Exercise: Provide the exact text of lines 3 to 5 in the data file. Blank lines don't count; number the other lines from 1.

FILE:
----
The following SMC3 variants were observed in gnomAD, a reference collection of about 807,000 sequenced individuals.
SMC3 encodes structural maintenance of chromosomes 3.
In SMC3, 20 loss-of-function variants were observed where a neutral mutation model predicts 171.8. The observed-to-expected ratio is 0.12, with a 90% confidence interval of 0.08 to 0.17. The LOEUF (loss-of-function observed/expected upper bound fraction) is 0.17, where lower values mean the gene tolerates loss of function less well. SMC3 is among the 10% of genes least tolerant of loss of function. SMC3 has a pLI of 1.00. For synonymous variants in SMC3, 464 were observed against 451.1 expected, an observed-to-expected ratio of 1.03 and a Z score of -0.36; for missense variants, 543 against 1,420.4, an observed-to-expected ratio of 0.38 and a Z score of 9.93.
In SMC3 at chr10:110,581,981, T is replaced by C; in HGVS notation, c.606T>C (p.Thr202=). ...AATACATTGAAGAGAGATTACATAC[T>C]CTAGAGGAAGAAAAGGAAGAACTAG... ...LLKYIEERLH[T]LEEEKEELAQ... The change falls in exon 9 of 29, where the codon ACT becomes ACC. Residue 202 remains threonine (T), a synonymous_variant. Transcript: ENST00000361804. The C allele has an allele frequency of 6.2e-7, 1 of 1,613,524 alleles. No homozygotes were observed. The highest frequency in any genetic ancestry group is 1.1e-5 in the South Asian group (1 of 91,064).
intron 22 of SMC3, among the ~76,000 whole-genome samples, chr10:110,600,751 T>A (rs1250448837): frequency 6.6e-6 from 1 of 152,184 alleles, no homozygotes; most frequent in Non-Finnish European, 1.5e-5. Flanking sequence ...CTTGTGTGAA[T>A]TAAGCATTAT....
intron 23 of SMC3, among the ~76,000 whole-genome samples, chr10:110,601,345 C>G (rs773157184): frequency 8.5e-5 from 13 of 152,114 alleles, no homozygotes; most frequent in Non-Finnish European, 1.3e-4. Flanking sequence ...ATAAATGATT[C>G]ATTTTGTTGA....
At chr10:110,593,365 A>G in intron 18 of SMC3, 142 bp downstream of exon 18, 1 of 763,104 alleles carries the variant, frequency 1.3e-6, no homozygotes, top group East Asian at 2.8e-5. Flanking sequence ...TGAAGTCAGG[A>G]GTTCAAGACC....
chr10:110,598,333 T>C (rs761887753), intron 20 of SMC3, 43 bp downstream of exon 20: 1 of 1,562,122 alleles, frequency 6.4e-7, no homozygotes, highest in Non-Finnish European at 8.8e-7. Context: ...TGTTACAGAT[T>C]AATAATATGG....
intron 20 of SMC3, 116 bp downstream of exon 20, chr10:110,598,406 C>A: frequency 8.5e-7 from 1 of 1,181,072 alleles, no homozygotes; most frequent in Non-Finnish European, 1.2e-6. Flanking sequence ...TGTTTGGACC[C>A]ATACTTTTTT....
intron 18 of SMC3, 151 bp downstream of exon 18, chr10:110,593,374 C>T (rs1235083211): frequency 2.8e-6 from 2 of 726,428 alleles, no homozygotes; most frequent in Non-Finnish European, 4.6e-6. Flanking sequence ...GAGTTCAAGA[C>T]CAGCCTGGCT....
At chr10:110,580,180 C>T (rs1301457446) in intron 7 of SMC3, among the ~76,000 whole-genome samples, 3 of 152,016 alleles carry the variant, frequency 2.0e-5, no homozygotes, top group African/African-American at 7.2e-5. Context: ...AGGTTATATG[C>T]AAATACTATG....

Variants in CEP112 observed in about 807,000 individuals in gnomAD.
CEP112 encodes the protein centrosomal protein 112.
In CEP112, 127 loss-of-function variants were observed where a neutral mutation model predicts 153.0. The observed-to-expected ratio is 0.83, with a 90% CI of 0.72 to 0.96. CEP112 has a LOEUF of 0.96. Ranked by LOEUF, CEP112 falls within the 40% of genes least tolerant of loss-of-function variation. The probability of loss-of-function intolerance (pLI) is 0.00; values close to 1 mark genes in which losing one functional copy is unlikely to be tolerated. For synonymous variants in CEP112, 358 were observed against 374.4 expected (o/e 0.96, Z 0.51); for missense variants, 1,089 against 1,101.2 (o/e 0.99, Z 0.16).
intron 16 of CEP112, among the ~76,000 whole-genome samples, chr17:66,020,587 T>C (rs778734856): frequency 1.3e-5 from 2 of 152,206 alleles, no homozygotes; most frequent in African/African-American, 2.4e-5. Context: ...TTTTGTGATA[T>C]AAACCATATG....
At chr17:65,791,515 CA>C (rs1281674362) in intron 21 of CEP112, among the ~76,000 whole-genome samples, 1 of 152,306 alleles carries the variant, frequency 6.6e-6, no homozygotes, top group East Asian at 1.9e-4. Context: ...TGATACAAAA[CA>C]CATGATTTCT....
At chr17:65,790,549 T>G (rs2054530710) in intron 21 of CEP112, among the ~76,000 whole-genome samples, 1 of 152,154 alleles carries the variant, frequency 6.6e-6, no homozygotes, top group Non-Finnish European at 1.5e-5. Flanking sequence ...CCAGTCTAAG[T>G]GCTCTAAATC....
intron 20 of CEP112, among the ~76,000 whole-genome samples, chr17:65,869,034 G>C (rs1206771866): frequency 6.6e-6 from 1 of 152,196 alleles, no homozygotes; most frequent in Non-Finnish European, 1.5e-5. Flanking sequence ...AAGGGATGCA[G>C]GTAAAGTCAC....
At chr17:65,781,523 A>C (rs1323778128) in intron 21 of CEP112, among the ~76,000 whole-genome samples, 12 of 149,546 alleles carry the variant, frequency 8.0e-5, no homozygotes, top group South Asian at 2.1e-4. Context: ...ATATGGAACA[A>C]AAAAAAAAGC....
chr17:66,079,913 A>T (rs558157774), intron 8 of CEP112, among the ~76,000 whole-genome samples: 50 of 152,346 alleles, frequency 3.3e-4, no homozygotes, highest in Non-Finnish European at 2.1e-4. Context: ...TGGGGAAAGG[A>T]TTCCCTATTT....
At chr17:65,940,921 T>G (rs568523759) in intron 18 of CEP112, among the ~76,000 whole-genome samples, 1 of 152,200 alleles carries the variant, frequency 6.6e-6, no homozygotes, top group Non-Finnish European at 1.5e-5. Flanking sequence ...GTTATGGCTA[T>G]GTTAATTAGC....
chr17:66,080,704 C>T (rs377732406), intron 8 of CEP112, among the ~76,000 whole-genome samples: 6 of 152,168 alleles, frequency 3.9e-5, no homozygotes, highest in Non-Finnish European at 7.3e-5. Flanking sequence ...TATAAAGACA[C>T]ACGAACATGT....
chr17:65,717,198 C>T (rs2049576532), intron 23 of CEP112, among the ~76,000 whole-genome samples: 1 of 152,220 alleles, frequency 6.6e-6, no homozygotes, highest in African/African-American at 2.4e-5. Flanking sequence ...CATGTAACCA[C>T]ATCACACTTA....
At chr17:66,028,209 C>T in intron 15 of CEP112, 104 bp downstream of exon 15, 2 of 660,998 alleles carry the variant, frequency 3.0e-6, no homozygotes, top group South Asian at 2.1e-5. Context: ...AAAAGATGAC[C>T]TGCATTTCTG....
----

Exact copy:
In SMC3, 20 loss-of-function variants were observed where a neutral mutation model predicts 171.8. The observed-to-expected ratio is 0.12, with a 90% confidence interval of 0.08 to 0.17. The LOEUF (loss-of-function observed/expected upper bound fraction) is 0.17, where lower values mean the gene tolerates loss of function less well. SMC3 is among the 10% of genes least tolerant of loss of function. SMC3 has a pLI of 1.00. For synonymous variants in SMC3, 464 were observed against 451.1 expected, an observed-to-expected ratio of 1.03 and a Z score of -0.36; for missense variants, 543 against 1,420.4, an observed-to-expected ratio of 0.38 and a Z score of 9.93.
In SMC3 at chr10:110,581,981, T is replaced by C; in HGVS notation, c.606T>C (p.Thr202=). ...AATACATTGAAGAGAGATTACATAC[T>C]CTAGAGGAAGAAAAGGAAGAACTAG... ...LLKYIEERLH[T]LEEEKEELAQ... The change falls in exon 9 of 29, where the codon ACT becomes ACC. Residue 202 remains threonine (T), a synonymous_variant. Transcript: ENST00000361804. The C allele has an allele frequency of 6.2e-7, 1 of 1,613,524 alleles. No homozygotes were observed. The highest frequency in any genetic ancestry group is 1.1e-5 in the South Asian group (1 of 91,064).
intron 22 of SMC3, among the ~76,000 whole-genome samples, chr10:110,600,751 T>A (rs1250448837): frequency 6.6e-6 from 1 of 152,184 alleles, no homozygotes; most frequent in Non-Finnish European, 1.5e-5. Flanking sequence ...CTTGTGTGAA[T>A]TAAGCATTAT....